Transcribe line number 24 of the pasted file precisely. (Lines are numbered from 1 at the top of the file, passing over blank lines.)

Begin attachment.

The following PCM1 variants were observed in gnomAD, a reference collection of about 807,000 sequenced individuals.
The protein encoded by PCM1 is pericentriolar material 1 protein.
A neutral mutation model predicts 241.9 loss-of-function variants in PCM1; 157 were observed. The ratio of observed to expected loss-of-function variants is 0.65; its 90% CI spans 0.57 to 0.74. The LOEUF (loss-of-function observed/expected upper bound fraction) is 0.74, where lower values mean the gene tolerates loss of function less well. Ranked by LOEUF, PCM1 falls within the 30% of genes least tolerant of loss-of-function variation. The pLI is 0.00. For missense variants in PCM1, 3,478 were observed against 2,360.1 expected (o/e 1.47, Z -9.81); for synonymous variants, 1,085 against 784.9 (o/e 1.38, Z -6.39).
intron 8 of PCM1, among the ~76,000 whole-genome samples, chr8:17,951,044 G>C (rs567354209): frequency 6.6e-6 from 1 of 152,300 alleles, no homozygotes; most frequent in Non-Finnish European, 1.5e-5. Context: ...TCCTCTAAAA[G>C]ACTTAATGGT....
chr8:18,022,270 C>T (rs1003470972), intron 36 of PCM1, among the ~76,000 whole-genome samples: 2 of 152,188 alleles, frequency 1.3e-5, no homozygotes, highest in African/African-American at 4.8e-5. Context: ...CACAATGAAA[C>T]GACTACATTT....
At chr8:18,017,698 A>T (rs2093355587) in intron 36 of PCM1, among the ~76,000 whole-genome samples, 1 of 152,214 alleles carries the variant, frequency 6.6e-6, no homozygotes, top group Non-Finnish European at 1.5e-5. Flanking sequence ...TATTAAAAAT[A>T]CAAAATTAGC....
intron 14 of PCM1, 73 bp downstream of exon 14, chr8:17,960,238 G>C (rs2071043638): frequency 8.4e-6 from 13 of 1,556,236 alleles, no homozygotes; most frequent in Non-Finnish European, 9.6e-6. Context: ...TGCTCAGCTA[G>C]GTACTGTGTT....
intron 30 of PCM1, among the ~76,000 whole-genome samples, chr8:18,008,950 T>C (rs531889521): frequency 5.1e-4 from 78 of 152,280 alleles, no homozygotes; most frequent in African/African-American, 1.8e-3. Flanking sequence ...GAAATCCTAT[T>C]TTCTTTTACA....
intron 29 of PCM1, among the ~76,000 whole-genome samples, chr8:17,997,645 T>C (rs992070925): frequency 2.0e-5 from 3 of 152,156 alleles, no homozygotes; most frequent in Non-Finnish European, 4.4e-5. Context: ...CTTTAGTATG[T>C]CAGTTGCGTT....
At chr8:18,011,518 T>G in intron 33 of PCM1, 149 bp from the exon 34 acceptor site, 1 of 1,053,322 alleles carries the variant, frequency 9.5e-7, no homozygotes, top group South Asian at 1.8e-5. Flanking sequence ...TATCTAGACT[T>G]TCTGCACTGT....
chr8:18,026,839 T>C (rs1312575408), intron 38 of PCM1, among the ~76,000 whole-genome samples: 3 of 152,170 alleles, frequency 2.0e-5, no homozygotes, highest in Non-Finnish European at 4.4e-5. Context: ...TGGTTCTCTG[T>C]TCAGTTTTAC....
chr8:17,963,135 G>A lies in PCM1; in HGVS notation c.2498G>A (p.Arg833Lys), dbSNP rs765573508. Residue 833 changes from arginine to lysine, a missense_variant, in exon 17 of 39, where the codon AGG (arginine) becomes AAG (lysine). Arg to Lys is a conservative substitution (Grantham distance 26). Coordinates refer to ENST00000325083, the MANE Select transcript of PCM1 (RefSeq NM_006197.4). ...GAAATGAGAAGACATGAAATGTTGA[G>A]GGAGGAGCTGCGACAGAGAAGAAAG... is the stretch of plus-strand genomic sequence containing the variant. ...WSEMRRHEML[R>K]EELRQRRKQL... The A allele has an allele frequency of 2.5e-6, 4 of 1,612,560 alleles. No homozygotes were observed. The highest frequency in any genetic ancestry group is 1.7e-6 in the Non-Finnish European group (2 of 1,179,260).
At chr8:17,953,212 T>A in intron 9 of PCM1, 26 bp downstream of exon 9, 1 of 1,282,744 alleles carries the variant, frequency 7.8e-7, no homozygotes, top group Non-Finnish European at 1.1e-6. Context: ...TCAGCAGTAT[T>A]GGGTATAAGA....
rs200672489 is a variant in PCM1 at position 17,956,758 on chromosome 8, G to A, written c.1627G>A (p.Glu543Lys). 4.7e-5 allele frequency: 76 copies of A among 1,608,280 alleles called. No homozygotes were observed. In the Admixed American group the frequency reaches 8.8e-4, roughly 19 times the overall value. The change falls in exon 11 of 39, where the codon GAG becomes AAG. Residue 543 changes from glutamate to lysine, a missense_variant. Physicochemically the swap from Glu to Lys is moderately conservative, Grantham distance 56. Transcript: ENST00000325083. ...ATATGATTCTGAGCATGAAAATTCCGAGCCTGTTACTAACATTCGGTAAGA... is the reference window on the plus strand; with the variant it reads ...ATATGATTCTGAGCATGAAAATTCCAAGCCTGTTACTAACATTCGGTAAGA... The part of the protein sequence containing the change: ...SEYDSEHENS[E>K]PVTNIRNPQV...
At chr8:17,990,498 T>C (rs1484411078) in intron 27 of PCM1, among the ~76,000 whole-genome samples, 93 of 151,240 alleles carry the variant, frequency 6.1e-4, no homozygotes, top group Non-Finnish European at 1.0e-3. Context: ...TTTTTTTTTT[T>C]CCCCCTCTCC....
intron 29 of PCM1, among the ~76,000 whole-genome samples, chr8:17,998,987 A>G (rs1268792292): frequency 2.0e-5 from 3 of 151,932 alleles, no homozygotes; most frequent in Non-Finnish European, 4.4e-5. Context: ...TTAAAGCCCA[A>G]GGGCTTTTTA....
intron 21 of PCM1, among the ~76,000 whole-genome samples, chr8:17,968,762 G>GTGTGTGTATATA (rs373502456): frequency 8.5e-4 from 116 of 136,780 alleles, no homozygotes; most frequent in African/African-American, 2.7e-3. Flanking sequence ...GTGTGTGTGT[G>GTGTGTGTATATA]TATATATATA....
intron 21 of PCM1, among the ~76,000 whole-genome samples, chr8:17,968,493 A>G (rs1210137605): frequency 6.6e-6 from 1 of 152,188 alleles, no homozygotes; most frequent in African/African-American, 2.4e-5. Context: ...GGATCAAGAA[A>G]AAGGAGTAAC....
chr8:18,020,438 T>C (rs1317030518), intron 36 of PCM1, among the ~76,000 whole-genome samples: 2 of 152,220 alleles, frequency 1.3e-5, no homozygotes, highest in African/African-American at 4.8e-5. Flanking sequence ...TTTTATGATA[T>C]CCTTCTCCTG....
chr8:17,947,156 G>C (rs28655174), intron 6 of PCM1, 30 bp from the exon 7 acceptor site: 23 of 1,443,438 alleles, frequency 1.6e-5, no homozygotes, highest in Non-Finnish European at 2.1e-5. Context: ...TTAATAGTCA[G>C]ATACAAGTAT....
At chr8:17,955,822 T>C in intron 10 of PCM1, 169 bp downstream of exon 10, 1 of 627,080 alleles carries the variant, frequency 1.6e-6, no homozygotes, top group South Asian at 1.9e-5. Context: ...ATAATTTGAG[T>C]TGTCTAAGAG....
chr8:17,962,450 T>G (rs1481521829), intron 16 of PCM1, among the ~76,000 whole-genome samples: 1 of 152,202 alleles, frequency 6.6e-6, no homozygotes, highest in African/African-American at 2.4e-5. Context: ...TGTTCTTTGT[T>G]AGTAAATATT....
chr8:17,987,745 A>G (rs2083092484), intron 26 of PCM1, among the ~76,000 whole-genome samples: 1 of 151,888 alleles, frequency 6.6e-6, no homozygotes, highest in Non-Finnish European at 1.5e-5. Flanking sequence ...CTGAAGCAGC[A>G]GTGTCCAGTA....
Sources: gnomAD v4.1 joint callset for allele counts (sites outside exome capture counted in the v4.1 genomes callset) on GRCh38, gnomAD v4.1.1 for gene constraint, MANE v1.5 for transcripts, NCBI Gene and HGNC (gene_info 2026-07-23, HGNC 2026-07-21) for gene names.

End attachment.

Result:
Sources: gnomAD v4.1 joint callset for allele counts (sites outside exome capture counted in the v4.1 genomes callset) on GRCh38, gnomAD v4.1.1 for gene constraint, MANE v1.5 for transcripts, NCBI Gene and HGNC (gene_info 2026-07-23, HGNC 2026-07-21) for gene names.